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  • Marguerite Christina Jones Miles

    Marguerite was born in Belize over 65 years ago.  She grew up in a family who were Missionaries to Belize from Scotland.  Her grandfather was the Rt. Reverend Robert W. Cleghorn, O.B.E. JP, who served Rith Cleghorn Jonesthe country and people of Belize for over 75 years.  His wife, Henrietta Cleghorn, served with him until she passed away at a fairly early age.  Reverend Cleghorn’s daughter, Rita, Marguerite’s mother, continued the work in Belize for many years even after her father died.  Rita was a respected member of the Baptist Church and was a Sunday school teacher and mentor in the Church, until she passed away in 1998.

    Besides pastoring the Baptist Church, Reverend Cleghorn worked and served on many boards in Belize;    a few were the Baron Bliss Fund and the Volunteer Guard.   Rev. Cleghorn was a member of the Legislative Council in 1924; served as Pastor in charge of the Baptist Mission as of 1901; he served as Mayor of Belize and had the honor of presenting the keys to the City of Belize to Charles Lindbergh, when he landed in Belize in the “Spirit of St. Louis” in 1927.  Rev. Cleghorn was also one of the original founders of the Cross Country Bicycle Races, which continues until today.  He assisted many other pastors and ministers in taking over for them when they needed to go on “leave”.  In his honor a street, Cleghorn Street, was named after him.

    As Marguerite grew up, she attended St. Catherine Academy, a Catholic all girls private school.  In those days, the Baptist and Catholic nuns were neighbors on Gabourel Lane and everyone got along great.  Marguerite grew up in an era when Belize was very peaceful, where children were allowed to be children and so she spent her summers swimming, fishing and riding her bike with friends, all the while gaining knowledge about the flora and fauna of Belize.  This idyllic time was broken for a short while, when at the age of 12, Marguerite moved with her family to Honduras for a few years.  At this time, she learned about other cultures and an appreciation for travel.

    The family returned to Belize so that Marguerite could finish her education at St. Catherine Academy and she graduated in 1962, the year after Hurricane Hattie destroyed the city of Belize.  After graduation, Marguerite spent time in Mexico, where she was able to improve her Spanish.  Upon returning to Belize, she joined and worked at Barclay’s Bank, when the opportunity came for her to go to college in Michigan.  Marguerite embraced the opportunity to further her education and had the pleasure of spending time with relatives and getting to know Michigan and also Canada.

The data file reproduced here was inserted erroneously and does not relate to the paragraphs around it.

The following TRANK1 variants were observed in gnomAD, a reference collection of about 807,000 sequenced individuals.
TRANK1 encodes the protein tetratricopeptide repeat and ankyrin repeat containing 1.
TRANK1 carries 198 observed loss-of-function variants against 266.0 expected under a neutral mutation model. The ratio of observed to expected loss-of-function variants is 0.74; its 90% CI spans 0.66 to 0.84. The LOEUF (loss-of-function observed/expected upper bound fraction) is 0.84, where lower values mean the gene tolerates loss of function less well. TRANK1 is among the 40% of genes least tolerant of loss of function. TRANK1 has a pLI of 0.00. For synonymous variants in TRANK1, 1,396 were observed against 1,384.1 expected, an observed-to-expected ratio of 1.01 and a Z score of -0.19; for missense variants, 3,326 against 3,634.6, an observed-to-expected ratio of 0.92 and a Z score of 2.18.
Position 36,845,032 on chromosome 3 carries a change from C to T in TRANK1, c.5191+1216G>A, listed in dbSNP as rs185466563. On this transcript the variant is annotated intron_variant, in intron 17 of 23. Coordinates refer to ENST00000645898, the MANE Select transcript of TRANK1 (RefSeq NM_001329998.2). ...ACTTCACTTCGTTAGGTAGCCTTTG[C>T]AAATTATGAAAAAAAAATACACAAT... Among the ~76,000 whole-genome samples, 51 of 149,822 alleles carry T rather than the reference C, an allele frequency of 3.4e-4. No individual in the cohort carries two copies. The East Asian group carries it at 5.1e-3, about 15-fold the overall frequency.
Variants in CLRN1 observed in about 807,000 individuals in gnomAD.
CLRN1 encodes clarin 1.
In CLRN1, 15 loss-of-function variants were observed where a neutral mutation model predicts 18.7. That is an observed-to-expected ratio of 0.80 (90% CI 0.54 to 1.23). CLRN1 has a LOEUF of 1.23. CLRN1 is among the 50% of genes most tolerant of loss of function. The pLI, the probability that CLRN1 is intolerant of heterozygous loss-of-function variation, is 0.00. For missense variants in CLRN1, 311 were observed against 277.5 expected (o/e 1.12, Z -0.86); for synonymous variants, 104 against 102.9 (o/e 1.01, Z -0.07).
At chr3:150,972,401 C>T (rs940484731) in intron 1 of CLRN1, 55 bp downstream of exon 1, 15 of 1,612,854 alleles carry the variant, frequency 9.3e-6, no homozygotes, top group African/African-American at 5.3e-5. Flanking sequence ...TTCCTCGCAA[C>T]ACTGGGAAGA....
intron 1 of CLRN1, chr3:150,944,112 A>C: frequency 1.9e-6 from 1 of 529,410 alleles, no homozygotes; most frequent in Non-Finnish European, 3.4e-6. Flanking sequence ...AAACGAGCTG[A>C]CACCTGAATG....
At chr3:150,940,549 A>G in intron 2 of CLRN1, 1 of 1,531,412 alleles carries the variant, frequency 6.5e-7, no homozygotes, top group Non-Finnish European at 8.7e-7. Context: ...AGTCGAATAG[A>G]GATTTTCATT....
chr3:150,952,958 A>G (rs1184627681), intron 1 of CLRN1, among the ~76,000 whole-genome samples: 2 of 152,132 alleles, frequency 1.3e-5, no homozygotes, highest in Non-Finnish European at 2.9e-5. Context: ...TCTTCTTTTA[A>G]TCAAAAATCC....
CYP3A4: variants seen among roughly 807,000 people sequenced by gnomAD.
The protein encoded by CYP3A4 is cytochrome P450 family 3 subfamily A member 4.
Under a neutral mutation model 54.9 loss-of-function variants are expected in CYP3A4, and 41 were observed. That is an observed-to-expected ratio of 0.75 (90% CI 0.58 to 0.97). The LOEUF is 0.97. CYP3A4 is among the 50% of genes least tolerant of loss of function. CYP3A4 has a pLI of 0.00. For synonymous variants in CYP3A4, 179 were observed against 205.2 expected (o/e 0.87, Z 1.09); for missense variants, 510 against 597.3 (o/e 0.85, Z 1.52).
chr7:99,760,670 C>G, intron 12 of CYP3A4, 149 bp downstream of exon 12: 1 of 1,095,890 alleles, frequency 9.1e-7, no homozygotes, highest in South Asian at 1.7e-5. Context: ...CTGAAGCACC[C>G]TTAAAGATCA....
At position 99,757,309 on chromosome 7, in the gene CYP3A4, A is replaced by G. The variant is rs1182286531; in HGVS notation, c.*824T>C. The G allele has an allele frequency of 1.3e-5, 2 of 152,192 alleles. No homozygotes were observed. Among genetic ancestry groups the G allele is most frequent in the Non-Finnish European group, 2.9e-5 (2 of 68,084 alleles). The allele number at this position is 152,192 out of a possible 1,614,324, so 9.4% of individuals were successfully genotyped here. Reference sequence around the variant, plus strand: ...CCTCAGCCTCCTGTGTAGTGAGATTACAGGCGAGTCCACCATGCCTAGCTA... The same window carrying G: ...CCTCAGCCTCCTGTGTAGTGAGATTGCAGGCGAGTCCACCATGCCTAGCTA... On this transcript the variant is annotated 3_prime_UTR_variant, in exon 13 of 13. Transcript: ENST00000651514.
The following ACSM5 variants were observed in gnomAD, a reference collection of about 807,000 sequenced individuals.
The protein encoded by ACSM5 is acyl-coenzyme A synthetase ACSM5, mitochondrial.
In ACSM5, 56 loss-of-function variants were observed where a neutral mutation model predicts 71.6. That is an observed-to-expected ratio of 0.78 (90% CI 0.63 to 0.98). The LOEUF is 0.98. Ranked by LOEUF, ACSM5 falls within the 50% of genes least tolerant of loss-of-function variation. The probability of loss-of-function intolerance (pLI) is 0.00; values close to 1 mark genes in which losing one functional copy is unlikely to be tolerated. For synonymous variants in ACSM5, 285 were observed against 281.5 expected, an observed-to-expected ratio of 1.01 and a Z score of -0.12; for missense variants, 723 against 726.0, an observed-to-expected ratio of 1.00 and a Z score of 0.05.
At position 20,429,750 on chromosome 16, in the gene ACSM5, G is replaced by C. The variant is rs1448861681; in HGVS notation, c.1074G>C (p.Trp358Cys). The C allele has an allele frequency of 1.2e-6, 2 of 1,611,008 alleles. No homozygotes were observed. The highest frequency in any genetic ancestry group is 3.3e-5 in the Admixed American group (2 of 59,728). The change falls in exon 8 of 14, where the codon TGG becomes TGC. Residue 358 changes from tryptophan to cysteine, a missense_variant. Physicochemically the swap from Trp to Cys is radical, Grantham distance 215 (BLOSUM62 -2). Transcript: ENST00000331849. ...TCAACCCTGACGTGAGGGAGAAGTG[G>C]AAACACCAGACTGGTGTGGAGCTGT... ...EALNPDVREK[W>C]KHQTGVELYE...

In 1966, she married and moved to live in Pennsylvania where she had two children, Trevor and Misha.  After being away from Belize for almost 14 years, Marguerite decided to move home.  This move was the move that got her involved in tourism, as she realized her years of traveling and living in different countries was now a great asset.  Since tourism was just in the infant stage in Belize, she worked for Keller’s Caribbean Sports (originally Barothy’s Caribbean Lodge, Ltd. Opened in the early 1960’s) for two years in management along with Mike Heusner, where she gained a wealth of knowledge.  As a team, Marguerite & Mike went on to manage another resort on a private island in Belize, and returned to Barothy’s Caribbean Lodge, when they purchased it in 1986, renaming the first fishing lodge in Belize, Belize River Lodge.

    Luckily and as a note, Marguerite’s son, Trevor, married Victor Barothy Sr’s daughter-in-law, Catherine, who had 3 grandchildren for Vic Sr –  Elizabeth, Melanie and Rebecca.  Ole’s Vic’s family is still growing and Elizabeth has a son, Chase and Rebecca, a son Gavin; so even though Barothy’s was renamed, the original Barothy grandchildren and great-grand children are family to Mike Marguerite & BRL, even today.   Nicely summed up in an e-mail received over Christmas this year,

    It is nice to know that a family operated original fishing destination is still going strong.”
    by:  Paul Bruun

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